Beards, Blazers & Glasses-The Decemberists, Andrew Bird, Band of Horses @ The Hollywood Bowl
My best friend hates The Decemberists because he thinks their green screen challenge was a cynical attempt to exploit Stephen Colbert's popularity. Another friend is driven to fits of rage because Decemberists front-man Colin Meloy's faux-Anglo accent contorts simple words like "Crane" into a polysyllabic jumble that spelled phonetically would read something like: craaaaaaahhhhhaaaaayyyyaaaaaannnnnneeeee. (give or take an "e" or two). And I'm sure if you really looked hard enough you could find dozens of reasons to dislike the Decemberists (six of which involve Herman Melville).
I'd totally agree too, if not for the fact that the Decemberists are really really good. Of course, this isn't news. They've been around for five years, dropped four alums, signed to Capitol, and managed to come at #12 on the year-end list of your all your favorite misanthropic weed-head bloggers. But still, there's something about Meloy that puts people off. On-stage, he hides behind a pair of faux-dorky plastic glasses suggesting playground outcast made good. He valiantly tries to rock out but always looks forced and contrived, limbs flailing with stiff and wooden gestures reminiscent of the scene in Austin Powers when Dr. Evil mechanically performs the "macarena"
And then there's his anachronistic and hopefully erudite lyrics which reek of "I'm smart and I know it" arrogance.
But it's cool. Dude's got a right to be cocky. From the start,The Crane Wife was a concept filled with over-ambition and literary conceit. After all, prog-rock epics about Japanese folk tales aren't supposed to make for good listening. But somehow, Meloy pulled it off--flawlessly. With Crane, the 33-year old former creative writing student finally learned how to seamlessly stitch together the mess of ideas in his head, from orchestras constructed on the cheap, to his graceful and labored-over lyrics, to the years of music geekery Meloy spent as a teenager in Montana pair of headphones strapped onto his head, listening to Replacements records (he wrote the 33 1/3rd book on Let it Be)
headlining at the Bowl was certainly a crowning moment for Meloy. And backed by the entire Los Angeles Philharmonic, the Decemberists made the most of it, delivering a memorable and virtuoso set, plucking gems off of each of their four records to be fleshed out in fantastic color by the orchestra. A consummate professional, Meloy was able to maximize his advantages and minimize his short-comings, sounding fantastic, stretching syllables to brobdingnagian proportion, voice bouncing smoothly off the Bowl's natural amphitheater. "The Crane Wife" felt monstrous and epic. "O Valencia" swelled to great heights buoyed by the Phil's fluttering strings. "Infanta" made several young hipsters rush off to join the nearest infanta (look in San Pedro, guys.)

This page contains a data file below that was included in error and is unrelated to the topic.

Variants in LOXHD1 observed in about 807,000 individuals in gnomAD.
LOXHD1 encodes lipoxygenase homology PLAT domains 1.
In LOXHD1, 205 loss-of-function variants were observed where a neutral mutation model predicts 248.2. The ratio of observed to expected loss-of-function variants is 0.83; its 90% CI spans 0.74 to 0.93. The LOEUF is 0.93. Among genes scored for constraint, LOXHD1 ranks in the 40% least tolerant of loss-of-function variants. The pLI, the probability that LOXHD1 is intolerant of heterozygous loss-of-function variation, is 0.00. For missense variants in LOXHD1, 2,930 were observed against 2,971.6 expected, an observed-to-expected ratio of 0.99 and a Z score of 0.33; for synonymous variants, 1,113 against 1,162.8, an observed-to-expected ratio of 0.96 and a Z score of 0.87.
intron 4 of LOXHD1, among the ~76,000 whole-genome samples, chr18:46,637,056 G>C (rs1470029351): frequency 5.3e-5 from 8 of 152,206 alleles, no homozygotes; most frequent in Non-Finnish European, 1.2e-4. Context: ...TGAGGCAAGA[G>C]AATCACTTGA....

Anyhow, the contradiction inherent in the Decemberists was best illustrated by one of the night's highlights, their performance of "Los Angeles, I'm Yours," off of Her Majesty, the Decemberists. As Duke aptly put it: "hearing someone from Portland sing 'its hollowness will haunt you,” and “How I abhor you” about our city seems like a little bit of a fuck you. It’s especially biting when you consider that it’s one of the few songs where Meloy’s not singing from the perspective of an 18th century sea captain....Do you think that after the show, as they read Chaucer on their tour bus, they occasionally glance up from their books and share a laugh about how they got 14,000 Angelinos to sing along to those lyrics? I do."
I do too. But right now, the Decemberists are having the last laugh. And you can't deny that it's truly deserved. Few bands around are as capable of delivering complete and fully realized performances, both live and in the studio. Love him or hate him, you can't deny that Meloy is one of the finest writers in rock. Even if Stephen Colbert's still roughly a thousand times cooler.
Andrew Bird: Nearly as good as Larry, Admiral, & Tweety Bird I've seen Andrew Bird once before and it never ceases to amaze me how talented of a performer he is, playing the violin, the xylophone and the guitar, all of them with great skill, often in the same track. Plus, the guy is a world-champion caliber whistler and just writes fantastic songs. The set was evenly split between 05's excellent, Andrew Bird & the Mysterious Production of Eggs, and this year's comparably good, Armchair Apocrypha. It was all over pretty quickly, just 45 minutes or so, but Bird deservedly won himself a whole lot of new fans. I would've liked to have heard, "Fake Palindromes," my personal favorite of Bird's tunes, but I can't complain.
Davey Crockett and his cousin. I mentioned how I liked Band of Horses, to which his cousin pointed at the bartender and informed me that I'd just ordered a beer from Bridwell. That's keeping it real. Either way, BoH was slotted right at the program's 7:30 start time and while the crowd was only 60 percent full, those that were there saw a very impressive performance from a very solid band, one deserving of the hype thrown their way.
See Also You Set the Scene's review of the Show
Photos via Anclroo
MP3: The Decemberists-"The Crane Wife 1 & 2" (actual crane not included)
MP3: Andrew Bird-"Heretics"
MP3: Band of Horses-"The Funeral"
MP3: Band of Horses-"The Great Salt Lake" (John Stockton not included)